I’ve written several articles about car accidents involving pedestrians. Over the years, I’ve also investigated and represented many clients as their pedestrian accident attorney. Pedestrian cases are very difficult in Alabama due to some of our specific laws. They are also difficult due to perceptions that favor car drivers. Because of these difficulties, pedestrian accident cases require a skilled approach for success. You can read some of my prior articles on the topic on this blog.
If you read any of my posts, you know I talk a lot about traffic and accident studies. A recent study by Smart Growth America reveals a continued trend in the wrong direction — Accidents and deaths involving pedestrians struck by cars continue to increase.
You can read the Smart Growth America study HERE. I’ll discuss a couple observations from the study in this post. First, I wanted to quote one of the introductory paragraphs from the study. It’s very interesting:
Our nation’s streets are dangerous by design, designed primarily to move cars quickly at the expense of keeping everyone safe. The result in 2020 was a significant increase in all traffic fatalities, even with less driving overall due to the pandemic.
In many places, this quote is 100% true. So many of our roads, even in suburban and urban areas, were designed with little thought to pedestrian or cyclist traffic. Here are my observations from this recent accident study:
The Rate Of Car Accidents Involving Pedestrians Is Highest Across Southern States Like Alabama
The accident data shows that pedestrian injuries continue to increase on a yearly basis. This was true even during the pandemic when fewer cars were on our roads and highways. The data also clearly reveals higher accident rates across southern states. Here’s a look at the top 11 states by rate of pedestrian injury and death with southeastern / southwestern ones in bold:
- New Mexico
- South Carolina
When you see these states on the map, the ranking becomes even more obvious. The worst states span the southern part of the country.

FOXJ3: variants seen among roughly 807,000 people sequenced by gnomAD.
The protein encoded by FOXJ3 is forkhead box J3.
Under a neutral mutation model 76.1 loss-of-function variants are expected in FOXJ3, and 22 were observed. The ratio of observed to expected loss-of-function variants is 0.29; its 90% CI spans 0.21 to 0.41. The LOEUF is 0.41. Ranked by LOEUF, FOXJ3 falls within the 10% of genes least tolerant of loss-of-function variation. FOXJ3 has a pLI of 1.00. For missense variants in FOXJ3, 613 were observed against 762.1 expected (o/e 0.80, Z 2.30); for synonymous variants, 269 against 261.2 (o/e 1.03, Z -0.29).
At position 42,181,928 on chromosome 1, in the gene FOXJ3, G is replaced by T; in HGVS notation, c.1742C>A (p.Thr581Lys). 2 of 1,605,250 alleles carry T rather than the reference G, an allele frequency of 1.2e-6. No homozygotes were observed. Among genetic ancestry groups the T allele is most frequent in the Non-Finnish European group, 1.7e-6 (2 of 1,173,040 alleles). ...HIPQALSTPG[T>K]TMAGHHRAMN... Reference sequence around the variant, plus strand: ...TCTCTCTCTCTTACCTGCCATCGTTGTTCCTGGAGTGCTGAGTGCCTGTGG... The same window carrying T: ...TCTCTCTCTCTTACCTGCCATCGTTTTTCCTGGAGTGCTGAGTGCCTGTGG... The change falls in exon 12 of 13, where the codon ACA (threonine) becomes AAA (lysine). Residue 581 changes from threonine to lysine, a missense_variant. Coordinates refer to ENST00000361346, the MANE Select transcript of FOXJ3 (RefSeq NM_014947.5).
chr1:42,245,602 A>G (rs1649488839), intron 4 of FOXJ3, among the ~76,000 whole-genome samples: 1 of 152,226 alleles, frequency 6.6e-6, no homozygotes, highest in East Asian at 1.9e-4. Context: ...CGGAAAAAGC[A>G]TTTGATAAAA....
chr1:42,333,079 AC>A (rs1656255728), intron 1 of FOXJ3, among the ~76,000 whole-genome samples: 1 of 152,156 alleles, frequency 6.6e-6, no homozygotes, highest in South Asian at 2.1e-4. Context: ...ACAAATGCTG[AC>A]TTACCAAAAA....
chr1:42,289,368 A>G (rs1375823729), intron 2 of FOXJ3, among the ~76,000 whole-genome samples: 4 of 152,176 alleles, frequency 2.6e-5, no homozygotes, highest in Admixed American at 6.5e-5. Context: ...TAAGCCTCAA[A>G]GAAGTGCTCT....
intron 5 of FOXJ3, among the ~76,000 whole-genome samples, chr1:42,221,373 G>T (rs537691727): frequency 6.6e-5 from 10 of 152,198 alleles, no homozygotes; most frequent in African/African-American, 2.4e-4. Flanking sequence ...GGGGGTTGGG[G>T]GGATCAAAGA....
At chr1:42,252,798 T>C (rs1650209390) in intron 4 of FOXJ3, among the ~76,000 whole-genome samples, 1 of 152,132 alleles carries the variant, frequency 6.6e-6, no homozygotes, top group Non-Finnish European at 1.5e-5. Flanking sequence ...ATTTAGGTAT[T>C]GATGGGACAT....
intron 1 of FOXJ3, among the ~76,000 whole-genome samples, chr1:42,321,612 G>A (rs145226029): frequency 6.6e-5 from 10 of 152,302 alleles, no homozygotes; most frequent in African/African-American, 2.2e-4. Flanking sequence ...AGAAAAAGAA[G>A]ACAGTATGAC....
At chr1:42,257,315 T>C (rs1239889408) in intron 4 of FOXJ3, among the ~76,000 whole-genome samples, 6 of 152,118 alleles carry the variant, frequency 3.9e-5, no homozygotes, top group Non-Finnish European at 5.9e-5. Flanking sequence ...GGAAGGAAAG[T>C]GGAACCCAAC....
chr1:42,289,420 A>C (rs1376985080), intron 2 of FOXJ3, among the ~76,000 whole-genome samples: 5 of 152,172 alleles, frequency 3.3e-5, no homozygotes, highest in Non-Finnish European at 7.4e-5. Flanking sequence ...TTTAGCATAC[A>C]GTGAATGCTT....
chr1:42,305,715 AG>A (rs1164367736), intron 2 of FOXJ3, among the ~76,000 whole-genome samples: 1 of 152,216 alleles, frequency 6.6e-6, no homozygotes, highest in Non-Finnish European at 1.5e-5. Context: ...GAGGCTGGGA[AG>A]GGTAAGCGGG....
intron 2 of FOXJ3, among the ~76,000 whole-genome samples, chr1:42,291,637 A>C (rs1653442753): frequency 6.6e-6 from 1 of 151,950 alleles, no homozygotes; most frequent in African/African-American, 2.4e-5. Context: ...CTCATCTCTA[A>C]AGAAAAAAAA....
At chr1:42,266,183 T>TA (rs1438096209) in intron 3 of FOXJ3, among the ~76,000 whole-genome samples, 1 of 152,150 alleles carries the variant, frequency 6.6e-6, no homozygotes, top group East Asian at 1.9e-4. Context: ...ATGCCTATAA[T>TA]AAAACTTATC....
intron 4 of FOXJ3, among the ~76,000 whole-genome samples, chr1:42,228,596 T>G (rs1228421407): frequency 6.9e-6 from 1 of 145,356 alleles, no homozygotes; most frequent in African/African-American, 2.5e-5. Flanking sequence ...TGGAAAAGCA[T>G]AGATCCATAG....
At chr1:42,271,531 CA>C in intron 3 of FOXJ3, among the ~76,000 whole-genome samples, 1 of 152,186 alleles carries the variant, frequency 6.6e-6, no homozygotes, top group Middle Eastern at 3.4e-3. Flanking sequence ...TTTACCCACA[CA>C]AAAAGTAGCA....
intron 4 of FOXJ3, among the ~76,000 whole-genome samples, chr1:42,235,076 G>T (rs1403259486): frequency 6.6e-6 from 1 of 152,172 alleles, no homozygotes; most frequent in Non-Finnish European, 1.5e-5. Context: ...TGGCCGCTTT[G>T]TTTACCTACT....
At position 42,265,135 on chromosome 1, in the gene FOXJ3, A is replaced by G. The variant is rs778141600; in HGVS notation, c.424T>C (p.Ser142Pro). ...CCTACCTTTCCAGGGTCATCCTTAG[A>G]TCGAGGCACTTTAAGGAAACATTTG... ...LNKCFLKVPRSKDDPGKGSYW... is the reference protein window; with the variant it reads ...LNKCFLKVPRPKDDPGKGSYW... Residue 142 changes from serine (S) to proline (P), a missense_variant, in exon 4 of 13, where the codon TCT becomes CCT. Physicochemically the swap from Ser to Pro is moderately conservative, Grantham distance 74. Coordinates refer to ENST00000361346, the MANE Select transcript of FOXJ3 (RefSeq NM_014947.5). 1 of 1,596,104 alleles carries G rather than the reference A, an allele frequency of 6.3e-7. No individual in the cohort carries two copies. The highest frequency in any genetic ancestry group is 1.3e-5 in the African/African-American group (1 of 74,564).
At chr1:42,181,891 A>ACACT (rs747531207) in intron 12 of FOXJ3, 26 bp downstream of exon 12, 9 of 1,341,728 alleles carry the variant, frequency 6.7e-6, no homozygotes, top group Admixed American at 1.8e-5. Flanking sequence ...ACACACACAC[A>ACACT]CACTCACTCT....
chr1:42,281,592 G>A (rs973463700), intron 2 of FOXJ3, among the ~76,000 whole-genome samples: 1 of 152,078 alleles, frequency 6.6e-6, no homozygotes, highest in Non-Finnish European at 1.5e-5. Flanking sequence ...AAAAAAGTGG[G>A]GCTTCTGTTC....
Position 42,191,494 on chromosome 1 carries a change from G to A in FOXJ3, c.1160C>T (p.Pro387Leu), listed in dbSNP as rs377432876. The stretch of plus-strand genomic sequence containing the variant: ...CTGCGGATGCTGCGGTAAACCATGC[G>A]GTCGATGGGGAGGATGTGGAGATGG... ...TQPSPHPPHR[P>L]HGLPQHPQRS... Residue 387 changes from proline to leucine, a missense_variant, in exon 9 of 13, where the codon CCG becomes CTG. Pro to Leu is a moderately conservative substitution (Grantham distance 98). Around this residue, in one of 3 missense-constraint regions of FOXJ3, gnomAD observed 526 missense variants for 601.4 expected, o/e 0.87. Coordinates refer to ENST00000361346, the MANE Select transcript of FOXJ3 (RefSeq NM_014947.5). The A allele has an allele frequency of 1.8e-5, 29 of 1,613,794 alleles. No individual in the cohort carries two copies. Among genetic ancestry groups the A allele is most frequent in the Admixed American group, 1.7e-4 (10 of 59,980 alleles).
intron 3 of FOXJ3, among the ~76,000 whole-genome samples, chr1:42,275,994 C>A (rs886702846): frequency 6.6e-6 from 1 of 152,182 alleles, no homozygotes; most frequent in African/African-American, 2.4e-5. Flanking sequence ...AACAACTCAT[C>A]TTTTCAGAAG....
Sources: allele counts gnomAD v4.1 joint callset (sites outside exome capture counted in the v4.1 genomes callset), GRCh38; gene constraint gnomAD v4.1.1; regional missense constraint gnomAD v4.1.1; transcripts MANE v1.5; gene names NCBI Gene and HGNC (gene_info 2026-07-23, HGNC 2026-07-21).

Why do southern states have a higher rate of pedestrian injuries and deaths? Many of these states have large, rural areas. They lack the compact, walking cities you see in the northeast. They were designed for fast car travel with less thought to walkability. These states often have fewer stretches of roadway with areas requiring drivers to slow or stop. Unlike congested areas in the northeast, drivers are also not conditioned to watch closely for people walking around the roadway.
It’s not just road design. In states like Alabama, the laws are written in a manner more protective of drivers. In some states like Alabama, a pedestrian is negligent if he / she walks outside an available crosswalk.
Roads And Highways Are Often Designed Without Planning For Cyclist Or Pedestrian Safety
Roadway design controls how drivers behave. Local police can give speeding tickets all day in a specific area. Often, that enforcement effort only provides a short-term change. Design is the bigger and better way to slow traffic in an area.
Think about local projects. In Huntsville, we have several neighborhoods with long, straight streets that allowed speeding motorists. In recent years, the city installed humps in the roadway. That one design element significantly slowed speeding in many neighborhoods and probably saved lives. That one design element impacted long-term driver behavior in a far greater manner than regular police activity handing out speeding tickets.
I could talk a lot about roadway design. I’ve discussed the issue numerous times in other posts. When it comes to pedestrians and cyclists, roadway design can slow cars at critical areas, improve driver vision and provide guidance to drivers. In Huntsville, our city has created a plan that improves our roads for cyclists and pedestrians as well as cars. In many ways, Huntsville’s planning is far beyond the planning of most other cities.
Pedestrian Accident Rates Are Worse In Low Income Areas Without Access To Parks, Walkways And Other Infrastructure
The research paper really notes how some locations are more dangerous. Some areas without access to safe walkways, parks or protective road designs, have much higher rates of accidents and deaths.
Locally, think about University Drive. In one stretch of University Drive, you have a housing project with little or no access to resident needs. The closest convenience stores require residents to cross multiple lanes of University Boulevard that are poorly lit in that area, while cars zip by at high speeds. No good crosswalks or walkways. No real speed or traffic limitations. Just a wide, dangerous crossing where numerous pedestrians have been struck over the years.
A quick Google search reveals many serious pedestrian accidents on University Drive. Local channel WHNT reported one such serious injury at University and Boxwood Drive in just the last couple months. As you read down the page, you see accident after accident in this area..
Despite so many pedestrian accidents on University Drive, they continue to occur. The key to reducing these serious accidents and injuries is design. Sometimes, even small design changes can result in big decreases in the number of accidents. Design is a key to safety everywhere.
From our office in Huntsville, the lawyers at Blackwell Law Firm represent people with serious personal injury cases statewide. If you have questions about accident and injury law, let us know. We are happy to help. Our consultations are always free and confidential.